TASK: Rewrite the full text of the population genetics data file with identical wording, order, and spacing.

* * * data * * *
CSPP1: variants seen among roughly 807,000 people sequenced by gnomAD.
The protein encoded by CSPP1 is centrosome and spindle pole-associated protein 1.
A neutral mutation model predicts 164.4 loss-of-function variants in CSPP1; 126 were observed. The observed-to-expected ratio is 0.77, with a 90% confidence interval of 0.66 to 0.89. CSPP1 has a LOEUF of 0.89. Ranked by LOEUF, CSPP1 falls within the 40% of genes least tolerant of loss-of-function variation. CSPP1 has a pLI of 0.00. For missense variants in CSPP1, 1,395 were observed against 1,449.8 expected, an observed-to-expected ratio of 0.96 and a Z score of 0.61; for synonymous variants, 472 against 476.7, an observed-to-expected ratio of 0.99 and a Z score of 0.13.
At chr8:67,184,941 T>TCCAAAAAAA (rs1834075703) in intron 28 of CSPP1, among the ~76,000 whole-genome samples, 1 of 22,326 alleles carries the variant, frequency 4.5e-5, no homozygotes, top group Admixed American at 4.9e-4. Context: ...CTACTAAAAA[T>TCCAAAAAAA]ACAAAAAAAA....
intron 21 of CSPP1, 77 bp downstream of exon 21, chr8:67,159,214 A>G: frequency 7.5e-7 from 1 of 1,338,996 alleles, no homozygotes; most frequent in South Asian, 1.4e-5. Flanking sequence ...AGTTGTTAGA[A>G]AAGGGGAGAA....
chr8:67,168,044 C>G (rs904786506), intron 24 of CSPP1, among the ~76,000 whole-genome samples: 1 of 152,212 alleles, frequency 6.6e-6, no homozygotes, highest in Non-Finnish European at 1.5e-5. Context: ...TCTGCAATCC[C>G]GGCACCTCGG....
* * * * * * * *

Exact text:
CSPP1: variants seen among roughly 807,000 people sequenced by gnomAD.
The protein encoded by CSPP1 is centrosome and spindle pole-associated protein 1.
A neutral mutation model predicts 164.4 loss-of-function variants in CSPP1; 126 were observed. The observed-to-expected ratio is 0.77, with a 90% confidence interval of 0.66 to 0.89. CSPP1 has a LOEUF of 0.89. Ranked by LOEUF, CSPP1 falls within the 40% of genes least tolerant of loss-of-function variation. CSPP1 has a pLI of 0.00. For missense variants in CSPP1, 1,395 were observed against 1,449.8 expected, an observed-to-expected ratio of 0.96 and a Z score of 0.61; for synonymous variants, 472 against 476.7, an observed-to-expected ratio of 0.99 and a Z score of 0.13.
At chr8:67,184,941 T>TCCAAAAAAA (rs1834075703) in intron 28 of CSPP1, among the ~76,000 whole-genome samples, 1 of 22,326 alleles carries the variant, frequency 4.5e-5, no homozygotes, top group Admixed American at 4.9e-4. Context: ...CTACTAAAAA[T>TCCAAAAAAA]ACAAAAAAAA....
intron 21 of CSPP1, 77 bp downstream of exon 21, chr8:67,159,214 A>G: frequency 7.5e-7 from 1 of 1,338,996 alleles, no homozygotes; most frequent in South Asian, 1.4e-5. Flanking sequence ...AGTTGTTAGA[A>G]AAGGGGAGAA....
chr8:67,168,044 C>G (rs904786506), intron 24 of CSPP1, among the ~76,000 whole-genome samples: 1 of 152,212 alleles, frequency 6.6e-6, no homozygotes, highest in Non-Finnish European at 1.5e-5. Context: ...TCTGCAATCC[C>G]GGCACCTCGG....